State ESSA Plans Detail Strategies to Invest in Early Childhood Workforce

Winona Hao
Topic: Outcomes

High-quality early learning requires a high-quality workforce with specialized knowledge and skills. To better support this under-resourced and complex workforce, state education agencies (SEAs) and state boards of education can use their policy levers to investigate and influence workforce quality in four areas: qualifications and licensure, preparation programs, professional development, and compensation. And they can leverage provisions of the Every Student Succeeds Act (ESSA) to advance changes in their states.

There are many obstacles to building a high-quality workforce: inadequate career advancement opportunities, lack of effective professional development, inconsistent policies and standards across different settings from birth to age eight due to varied funding streams, low wages and benefits, and low public perceptions of teachers’ skill sets.

In most states, it doesn’t take much to become an early childhood teacher. Among the 43 states and DC with state-funded pre-K, only 23 require lead teachers to have a bachelor’s degree. Outside the state pre-K programs, only a few states require child development associate credentials or vocational training. Most states require only a high school diploma or nothing at all. Before they change policies affecting the early education workforce, however, state policymakers must understand what core competencies are needed and what resources they can provide to help educators attain those competencies and become highly qualified.

ESSA opens up great opportunities to support this workforce. For the first time, early childhood educators are included in the definition of professional development under Title II. The U.S. Department of Education released nonregulatory early learning guidance on ESSA last year urging SEAs and districts to take advantage of the law’s opportunities to support these educators—particularly through use of funds under Title I, II, and III to support professional development.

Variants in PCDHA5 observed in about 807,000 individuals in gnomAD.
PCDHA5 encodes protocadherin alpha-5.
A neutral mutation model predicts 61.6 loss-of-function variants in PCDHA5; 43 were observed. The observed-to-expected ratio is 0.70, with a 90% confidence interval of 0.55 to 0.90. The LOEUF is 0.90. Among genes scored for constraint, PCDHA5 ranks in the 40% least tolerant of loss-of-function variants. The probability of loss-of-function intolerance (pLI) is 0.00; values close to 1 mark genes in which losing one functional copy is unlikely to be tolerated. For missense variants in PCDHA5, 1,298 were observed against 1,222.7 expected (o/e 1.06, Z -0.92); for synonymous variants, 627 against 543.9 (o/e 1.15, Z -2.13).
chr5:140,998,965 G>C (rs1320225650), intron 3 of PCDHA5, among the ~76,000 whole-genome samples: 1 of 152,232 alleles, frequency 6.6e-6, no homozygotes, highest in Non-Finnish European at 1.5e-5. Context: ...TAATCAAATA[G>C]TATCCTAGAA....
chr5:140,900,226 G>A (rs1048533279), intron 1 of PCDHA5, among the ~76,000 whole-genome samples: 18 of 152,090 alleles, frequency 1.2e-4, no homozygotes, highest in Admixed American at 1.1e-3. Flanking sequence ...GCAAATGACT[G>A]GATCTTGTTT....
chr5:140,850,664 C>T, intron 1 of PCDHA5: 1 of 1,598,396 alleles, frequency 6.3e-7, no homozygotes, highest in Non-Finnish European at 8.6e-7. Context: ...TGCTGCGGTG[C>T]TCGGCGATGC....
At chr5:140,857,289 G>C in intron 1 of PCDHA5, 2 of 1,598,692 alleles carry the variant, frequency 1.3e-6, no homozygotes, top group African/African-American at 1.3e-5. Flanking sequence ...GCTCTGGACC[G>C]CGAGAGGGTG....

As of May 2017, 16 states and the District of Columbia had submitted their plans for implementing ESSA. Eight of these proposed early learning workforce investments: Arizona, Delaware, Louisiana, Maine, Michigan, Illinois, New Jersey, and Oregon. In this post, I’ll highlight four states.

Louisiana developed and adopted new teacher preparation competencies in October 2016, including early childhood education competencies. To help teacher preparation providers and their preK-12 partners transition to the new requirements, Louisiana will use Title II funds to organize biannual community meetings on establishing strong district preparation partnerships and on developing competency-based teacher preparation programs that include a year-long teaching residency. This summer, Louisiana’s Board of Elementary and Secondary Education will also consider a five-year plan for transitioning to a teacher preparation accountability system This summer, Louisiana’s Board of Elementary and Secondary Education will also consider a five-year plan for transitioning to a teacher preparation accountability system committed to using Title I and II dollars to develop resources that support early learning environments and aid in transitions throughout the preK-16 continuum. Their plan highlighted school leaders’ and administrators’ needs for knowledge of child development, pedagogical content and practice, and differentiation of instruction. The Illinois state board will offer resources emphasizing school leaders’ roles as instructional leaders, particularly for teachers in the early grades.